'Major fire' at Paris's famed Ritz hotel, no casualties

PARIS - A major fire Tuesday ravaged a section of the landmark Paris Ritz hotel, which has been closed for over three years for renovations and had been set to reopen in March, the fire service said.

The fire broke out at around 7:00 am (0600 GMT) on the top floor of the luxury hotel, vividly remembered by many as the place where Princess Diana and Dodi Fayed dined before their fatal car crash in 1997.

Firefighters brought the blaze under control several hours later but were battling to extinguish flames in the attic, said fire services spokesman Yvon Bot.

"We are having to go metre by metre from the roof. It is too small to access from the interior," he said. The operation is expected to last several hours.

Bot said no one was in the five-star hotel aside from the some 150 construction workers who were evacuated from the site, and there were no casualties but a "large" part of the building was affected.

A column of smoke could be seen rising above Paris from the hotel's location on the Place Vendome, in the heart of the city's luxury district near the Opera Garnier.

Some 60 firefighters and around 15 fire engines were dispatched to the blaze.

Police reported a "major fire" on their Twitter account and advised motorists to avoid the area. Several streets were closed around the square.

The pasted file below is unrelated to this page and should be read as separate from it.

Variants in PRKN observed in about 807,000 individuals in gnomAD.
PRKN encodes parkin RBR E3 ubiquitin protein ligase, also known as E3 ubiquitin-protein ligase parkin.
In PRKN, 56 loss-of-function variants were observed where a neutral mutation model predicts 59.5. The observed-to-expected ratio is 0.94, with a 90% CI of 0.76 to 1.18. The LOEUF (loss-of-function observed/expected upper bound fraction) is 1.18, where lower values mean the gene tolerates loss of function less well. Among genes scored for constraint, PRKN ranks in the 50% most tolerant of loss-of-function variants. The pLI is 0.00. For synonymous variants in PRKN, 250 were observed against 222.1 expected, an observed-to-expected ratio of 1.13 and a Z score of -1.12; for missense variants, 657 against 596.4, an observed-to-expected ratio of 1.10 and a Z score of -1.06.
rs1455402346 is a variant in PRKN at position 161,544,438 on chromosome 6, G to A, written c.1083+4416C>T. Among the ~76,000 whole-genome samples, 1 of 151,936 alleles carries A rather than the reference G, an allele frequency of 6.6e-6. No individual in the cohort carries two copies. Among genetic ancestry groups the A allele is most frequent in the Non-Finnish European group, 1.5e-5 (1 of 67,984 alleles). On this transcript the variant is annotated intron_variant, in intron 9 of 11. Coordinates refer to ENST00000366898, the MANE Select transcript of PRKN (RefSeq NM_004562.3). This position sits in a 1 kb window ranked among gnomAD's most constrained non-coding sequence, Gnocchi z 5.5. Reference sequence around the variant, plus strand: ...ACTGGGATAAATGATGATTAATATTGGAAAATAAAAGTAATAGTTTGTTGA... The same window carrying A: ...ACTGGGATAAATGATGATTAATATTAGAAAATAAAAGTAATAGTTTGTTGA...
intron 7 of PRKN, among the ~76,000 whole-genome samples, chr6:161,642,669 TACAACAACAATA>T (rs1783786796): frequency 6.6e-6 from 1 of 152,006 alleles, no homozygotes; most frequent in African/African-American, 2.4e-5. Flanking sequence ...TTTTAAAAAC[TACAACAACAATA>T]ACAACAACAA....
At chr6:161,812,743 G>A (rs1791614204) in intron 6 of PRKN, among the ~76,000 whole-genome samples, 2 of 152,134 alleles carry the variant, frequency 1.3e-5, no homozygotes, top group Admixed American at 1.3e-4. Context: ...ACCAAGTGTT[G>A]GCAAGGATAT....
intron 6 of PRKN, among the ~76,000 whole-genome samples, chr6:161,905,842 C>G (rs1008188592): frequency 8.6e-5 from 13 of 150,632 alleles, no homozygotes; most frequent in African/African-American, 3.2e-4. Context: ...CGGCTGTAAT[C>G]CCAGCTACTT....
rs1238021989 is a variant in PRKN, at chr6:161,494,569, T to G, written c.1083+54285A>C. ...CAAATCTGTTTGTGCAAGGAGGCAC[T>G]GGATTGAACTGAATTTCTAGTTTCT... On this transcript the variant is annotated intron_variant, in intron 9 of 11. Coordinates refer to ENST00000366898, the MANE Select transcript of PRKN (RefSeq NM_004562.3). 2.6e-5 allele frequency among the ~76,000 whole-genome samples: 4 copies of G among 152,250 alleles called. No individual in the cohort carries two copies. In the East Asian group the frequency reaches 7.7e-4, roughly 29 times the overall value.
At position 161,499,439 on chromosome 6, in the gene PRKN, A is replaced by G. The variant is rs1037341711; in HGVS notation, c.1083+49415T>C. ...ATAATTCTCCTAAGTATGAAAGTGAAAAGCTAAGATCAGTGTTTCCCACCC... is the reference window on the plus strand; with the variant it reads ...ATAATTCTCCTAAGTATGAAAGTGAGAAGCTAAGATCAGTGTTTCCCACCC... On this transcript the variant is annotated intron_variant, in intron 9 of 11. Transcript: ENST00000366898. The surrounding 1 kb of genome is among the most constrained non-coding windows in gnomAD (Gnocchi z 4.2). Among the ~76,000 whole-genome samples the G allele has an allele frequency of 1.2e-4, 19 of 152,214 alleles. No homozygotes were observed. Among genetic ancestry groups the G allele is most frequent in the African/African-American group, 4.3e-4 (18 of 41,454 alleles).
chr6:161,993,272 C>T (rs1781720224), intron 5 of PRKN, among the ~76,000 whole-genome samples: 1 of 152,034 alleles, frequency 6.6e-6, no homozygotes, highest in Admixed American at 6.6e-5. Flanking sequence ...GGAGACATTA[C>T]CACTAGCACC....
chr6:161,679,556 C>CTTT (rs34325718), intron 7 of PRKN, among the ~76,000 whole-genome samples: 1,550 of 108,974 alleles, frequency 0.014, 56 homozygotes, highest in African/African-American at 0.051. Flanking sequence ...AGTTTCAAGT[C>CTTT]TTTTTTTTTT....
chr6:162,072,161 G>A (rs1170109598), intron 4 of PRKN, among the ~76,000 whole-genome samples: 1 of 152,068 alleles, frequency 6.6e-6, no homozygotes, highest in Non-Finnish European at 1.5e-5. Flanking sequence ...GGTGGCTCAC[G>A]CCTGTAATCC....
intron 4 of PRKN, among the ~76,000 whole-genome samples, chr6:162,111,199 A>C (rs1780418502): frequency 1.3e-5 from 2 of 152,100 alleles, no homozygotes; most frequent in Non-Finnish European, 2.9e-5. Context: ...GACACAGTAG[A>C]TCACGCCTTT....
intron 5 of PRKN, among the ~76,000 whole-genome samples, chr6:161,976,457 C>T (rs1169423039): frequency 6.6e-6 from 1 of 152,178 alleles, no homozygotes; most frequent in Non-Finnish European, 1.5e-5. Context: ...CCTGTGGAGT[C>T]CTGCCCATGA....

The classically styled hotel, owned by Egyptian billionaire Mohamed Al Fayed, has undergone top-to-bottom renovations after promising a "legend to be reborn" when it closed for the works in 2012.

The hotel founded by Swiss entrepreneur Cesar Ritz in 1898 is storied as the lodging of choice of Charlie Chaplin, Coco Chanel and Ernest Hemingway, who has a small bar named after him.

"When I dream of afterlife in heaven, the action always takes place in the Paris Ritz," Hemingway once said of the hotel that inspired the word "ritzy".

The American writer famously rallied a group of Resistance fighters to go and liberate his beloved hotel which had been requisitioned in June 1940 by the Nazis and occupied by German brass including on occasions Hermann Goering and Joseph Goebbels.

However he was too late as the Nazis had already left, so he took to the bar where he is said to have run up a tab for 51 dry Martinis.

In more recent history however, the Ritz has become known as the place where Britain's Princess Diana spent her last hours before a car accident in a tunnel in the French capital while being chased by paparazzi.

The refurbishment of the hotel, estimated at 140 million euros (US$150 million) in 2012, was aimed at sprucing up the ageing hotel to cater to the tastes of its mega-rich clientele.